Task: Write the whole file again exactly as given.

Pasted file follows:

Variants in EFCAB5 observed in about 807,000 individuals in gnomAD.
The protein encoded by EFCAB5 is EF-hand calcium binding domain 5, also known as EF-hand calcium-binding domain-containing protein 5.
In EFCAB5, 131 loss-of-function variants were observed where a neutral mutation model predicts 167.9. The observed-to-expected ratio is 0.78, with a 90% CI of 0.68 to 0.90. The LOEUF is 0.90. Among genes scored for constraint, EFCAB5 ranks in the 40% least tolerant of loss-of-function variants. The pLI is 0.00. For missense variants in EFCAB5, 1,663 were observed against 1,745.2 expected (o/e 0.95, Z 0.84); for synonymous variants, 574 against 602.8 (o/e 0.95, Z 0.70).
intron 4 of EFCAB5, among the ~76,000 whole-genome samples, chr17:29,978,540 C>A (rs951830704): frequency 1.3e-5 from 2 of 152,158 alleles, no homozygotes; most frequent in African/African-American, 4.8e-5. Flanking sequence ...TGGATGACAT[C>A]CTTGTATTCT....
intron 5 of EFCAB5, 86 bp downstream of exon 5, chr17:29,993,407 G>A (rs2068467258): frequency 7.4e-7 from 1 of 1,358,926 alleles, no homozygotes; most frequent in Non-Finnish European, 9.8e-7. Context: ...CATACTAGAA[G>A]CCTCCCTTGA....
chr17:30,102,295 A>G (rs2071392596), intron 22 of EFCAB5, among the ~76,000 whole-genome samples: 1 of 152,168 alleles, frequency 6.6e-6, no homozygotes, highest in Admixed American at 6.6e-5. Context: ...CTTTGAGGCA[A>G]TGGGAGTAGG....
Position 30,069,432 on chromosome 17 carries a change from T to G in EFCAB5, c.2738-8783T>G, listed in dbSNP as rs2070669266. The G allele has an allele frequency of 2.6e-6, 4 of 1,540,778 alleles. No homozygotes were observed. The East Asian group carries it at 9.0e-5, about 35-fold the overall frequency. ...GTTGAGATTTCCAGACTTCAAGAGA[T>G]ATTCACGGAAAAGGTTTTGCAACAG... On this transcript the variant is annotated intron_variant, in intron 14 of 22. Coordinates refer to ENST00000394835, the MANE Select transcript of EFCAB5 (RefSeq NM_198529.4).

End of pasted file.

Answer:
Variants in EFCAB5 observed in about 807,000 individuals in gnomAD.
The protein encoded by EFCAB5 is EF-hand calcium binding domain 5, also known as EF-hand calcium-binding domain-containing protein 5.
In EFCAB5, 131 loss-of-function variants were observed where a neutral mutation model predicts 167.9. The observed-to-expected ratio is 0.78, with a 90% CI of 0.68 to 0.90. The LOEUF is 0.90. Among genes scored for constraint, EFCAB5 ranks in the 40% least tolerant of loss-of-function variants. The pLI is 0.00. For missense variants in EFCAB5, 1,663 were observed against 1,745.2 expected (o/e 0.95, Z 0.84); for synonymous variants, 574 against 602.8 (o/e 0.95, Z 0.70).
intron 4 of EFCAB5, among the ~76,000 whole-genome samples, chr17:29,978,540 C>A (rs951830704): frequency 1.3e-5 from 2 of 152,158 alleles, no homozygotes; most frequent in African/African-American, 4.8e-5. Flanking sequence ...TGGATGACAT[C>A]CTTGTATTCT....
intron 5 of EFCAB5, 86 bp downstream of exon 5, chr17:29,993,407 G>A (rs2068467258): frequency 7.4e-7 from 1 of 1,358,926 alleles, no homozygotes; most frequent in Non-Finnish European, 9.8e-7. Context: ...CATACTAGAA[G>A]CCTCCCTTGA....
chr17:30,102,295 A>G (rs2071392596), intron 22 of EFCAB5, among the ~76,000 whole-genome samples: 1 of 152,168 alleles, frequency 6.6e-6, no homozygotes, highest in Admixed American at 6.6e-5. Context: ...CTTTGAGGCA[A>G]TGGGAGTAGG....
Position 30,069,432 on chromosome 17 carries a change from T to G in EFCAB5, c.2738-8783T>G, listed in dbSNP as rs2070669266. The G allele has an allele frequency of 2.6e-6, 4 of 1,540,778 alleles. No homozygotes were observed. The East Asian group carries it at 9.0e-5, about 35-fold the overall frequency. ...GTTGAGATTTCCAGACTTCAAGAGA[T>G]ATTCACGGAAAAGGTTTTGCAACAG... On this transcript the variant is annotated intron_variant, in intron 14 of 22. Coordinates refer to ENST00000394835, the MANE Select transcript of EFCAB5 (RefSeq NM_198529.4).